A neuropsychiatrist is a psychiatrist that delves more deeply into neurology. This is not a common specialty area used by parents who visit here so I really can't offer much of an opinion but there is a definition below. This comment "Psychiatrists or neurologists with many years of extensive clinical, educational, and scientific experience in the field of neuropsychiatry may also merit this specialty designation": makes me a little nervous since it suggests doctors may be able to just attach it to their qualifications, since it's only recently become a formally approved medical subspecialty.

    Neuropsychiatry is the medical specialty committed to better understanding brain-behavior relationships, and to the care of individuals with neurologically based cognitive, emotional, and behavioral disturbances.

    What is a neuropsychiatrist? A neuropsychiatrist is a physician (M.D. or D.O.) qualified to practice neuropsychiatry by virtue of either 1) primary training in either psychiatry or neurology followed by a period of at least one year of fellowship training in neuropsychiatry/behavioral neurology, or 2) formal residency training in both psychiatry and neurology. Psychiatrists or neurologists with many years of extensive clinical, educational, and scientific experience in the field of neuropsychiatry may also merit this specialty designation.

    Which patients are best served by neuropsychiatric consultation or treatment? The Neuropsychiatrist treats people with neurologic illness and cognitive, emotional, or behavioral problems; individuals with combined psychiatric illnesses and neurologic conditions; and individuals with atypical or refractory primary psychiatric disorders in which there is concern that an underlying neurological condition may be causing the "psychiatric" symptoms."

    As for psychologists, there is a wide range of degrees and skills. Check specifically for one that lists pediatric neuropsychology--you may have to check out clinic or hospital links to find a description of the specialists.

    I would call the insurance back and ask if they have a developmental and behavioral pediatrician in the system or a pediatric neuropsychologist. If they don't, ask what the process is to get an evaluation approved. Thihs should allow you to check out all your options.

    Parents of special needs children in the area are usually excellent resources to find out about the various professionals in the area. Check to see if there's a group of parents meeting in your area. School districts sometimes sponsor such groups. Even if you don't suspect Autism an area Autism Society might be able to give you some local direction. This can be an excellent resource and can turn up some options you might not think about. For instance we have a top notch ADHD/ADD clinic in our region that does such a thorough and excellent job in diagnosing that I'd be comfortable in referring a parent there whose child had ADHD and any other combination of issues (including Autism, Bipolar, Sensory Integration Disorder (SID), etc) because I have complete confidence they'll get to the bottom of whatever is there. I wouldn't make that recommendation to the general public though because I know it to be true of our local clinic only.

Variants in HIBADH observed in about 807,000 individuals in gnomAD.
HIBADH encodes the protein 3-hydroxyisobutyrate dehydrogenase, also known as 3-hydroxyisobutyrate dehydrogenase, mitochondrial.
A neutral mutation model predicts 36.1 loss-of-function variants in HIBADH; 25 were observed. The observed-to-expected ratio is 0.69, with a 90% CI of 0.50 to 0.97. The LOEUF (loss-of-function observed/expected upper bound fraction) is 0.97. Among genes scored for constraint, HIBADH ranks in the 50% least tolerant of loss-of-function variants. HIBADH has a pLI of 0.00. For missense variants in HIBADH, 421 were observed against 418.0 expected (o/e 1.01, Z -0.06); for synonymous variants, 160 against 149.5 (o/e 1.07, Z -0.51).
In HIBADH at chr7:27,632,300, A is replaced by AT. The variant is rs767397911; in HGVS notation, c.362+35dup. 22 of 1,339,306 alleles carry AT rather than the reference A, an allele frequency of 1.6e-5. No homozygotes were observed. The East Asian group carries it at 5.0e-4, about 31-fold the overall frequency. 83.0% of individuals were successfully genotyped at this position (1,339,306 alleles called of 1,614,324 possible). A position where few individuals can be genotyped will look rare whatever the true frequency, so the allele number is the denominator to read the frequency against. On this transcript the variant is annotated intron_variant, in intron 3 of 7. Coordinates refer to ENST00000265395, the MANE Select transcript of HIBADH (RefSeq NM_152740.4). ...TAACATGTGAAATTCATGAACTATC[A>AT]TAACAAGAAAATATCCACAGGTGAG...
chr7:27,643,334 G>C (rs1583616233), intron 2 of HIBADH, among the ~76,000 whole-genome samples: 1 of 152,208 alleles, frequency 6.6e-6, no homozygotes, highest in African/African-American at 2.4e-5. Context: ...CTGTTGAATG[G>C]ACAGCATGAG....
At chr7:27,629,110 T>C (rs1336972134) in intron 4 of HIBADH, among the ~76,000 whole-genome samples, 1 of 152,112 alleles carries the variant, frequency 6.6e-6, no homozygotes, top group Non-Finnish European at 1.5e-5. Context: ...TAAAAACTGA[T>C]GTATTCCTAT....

9. SomewhereOutThere

    SomewhereOutThere Well-Known Member

    in my opinion neuropsychologist evaluations are far better. They test areas of function. I'm not sure what a psycological evaluation is--I'm assuming to see if they feel he has psychiatric issues, but that's vague. I'd go with the neuropsychologist. I thought my son had ODD too, but he doesn't. Now that he's had the therapies he needs, he's a really compliant kid (and I never thought it would happen). There is a difference between being socially interested and being socially appropriate. Most kids WANT to interact with kids, but some just don't know how to do it, and it becomes more glaring as the kids get older. It's more obvious with my son at 14 than it was at 5. He didn't seem that different at five. I would worry more about it now, except my son seems perfectly happy alone once he gets home from school. In fact, he doesn't care about interacting that much. But when he was really young, he did like to run with kids and get silly with them. His eye contact was good with us, but not good with people he didn't know. It's best to get an evaluation rather than guessing, which is all any of us are doing.